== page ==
There is a split of authority with the Internal Revenue Service concerning when transfers to an irrevocable trust are considered “complete,” thus requiring the filing of an income tax return. Normally there will not be any gift tax due (the current laws allow an individual to give away $5 million in assets during her lifetime without paying any tax on the gift) but it is important to follow the rules that do require filing a gift tax return, even if no tax is due. We are happy to assist with this analysis.

Conclusion

The above discussions demonstrate that use of irrevocable trusts in Medicaid planning, as in other fields of estate planning, provides many opportunities to create great benefits beyond simply transferring assets. Some or most of these benefits may be achieved through the use of an irrevocable trust. If care is taken to include the desired provisions, an irrevocable trust can greatly enhance the value of the clients’ Medicaid planning beyond what can be accomplished through outright gifting.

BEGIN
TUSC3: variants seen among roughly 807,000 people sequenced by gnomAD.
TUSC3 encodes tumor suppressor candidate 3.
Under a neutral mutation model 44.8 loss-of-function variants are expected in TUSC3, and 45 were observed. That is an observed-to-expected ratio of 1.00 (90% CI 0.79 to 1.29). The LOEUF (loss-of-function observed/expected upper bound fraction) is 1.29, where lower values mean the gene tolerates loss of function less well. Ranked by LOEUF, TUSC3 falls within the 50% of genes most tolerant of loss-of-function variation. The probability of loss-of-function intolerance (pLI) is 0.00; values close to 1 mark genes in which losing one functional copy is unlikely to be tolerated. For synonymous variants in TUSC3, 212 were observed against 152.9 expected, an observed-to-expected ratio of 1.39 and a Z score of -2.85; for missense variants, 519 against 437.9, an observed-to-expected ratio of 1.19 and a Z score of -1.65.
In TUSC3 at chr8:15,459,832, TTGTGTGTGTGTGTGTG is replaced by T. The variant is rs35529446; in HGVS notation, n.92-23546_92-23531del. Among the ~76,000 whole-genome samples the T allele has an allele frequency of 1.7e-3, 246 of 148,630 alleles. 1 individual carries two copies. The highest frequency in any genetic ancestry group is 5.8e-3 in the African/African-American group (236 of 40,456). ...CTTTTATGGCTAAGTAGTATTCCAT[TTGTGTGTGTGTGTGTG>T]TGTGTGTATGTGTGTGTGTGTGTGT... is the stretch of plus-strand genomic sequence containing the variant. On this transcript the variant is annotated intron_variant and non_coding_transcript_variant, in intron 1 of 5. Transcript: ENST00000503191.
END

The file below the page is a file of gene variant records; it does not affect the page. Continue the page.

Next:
We are happy to assist seniors and their loved ones with considering whether an irrevocable trust may be appropriate for them. Please contact Legacy Law Firm, P.C. at (605) 275-5665 to schedule a free consultation today.

To comply with the U.S. Treasury regulations, we must inform you that (i) any U.S. federal tax advice contained in this newsletter was not intended or written to be used, and cannot be used, by any person for the purpose of avoiding U.S. federal tax penalties that may be imposed on such person and (ii) each taxpayer should seek advice from their tax advisor based on the taxpayer’s particular circumstances.

Why We Fail to Plan for Long-Term Care

Why We Fail to Plan for Long-Term Care


Introduction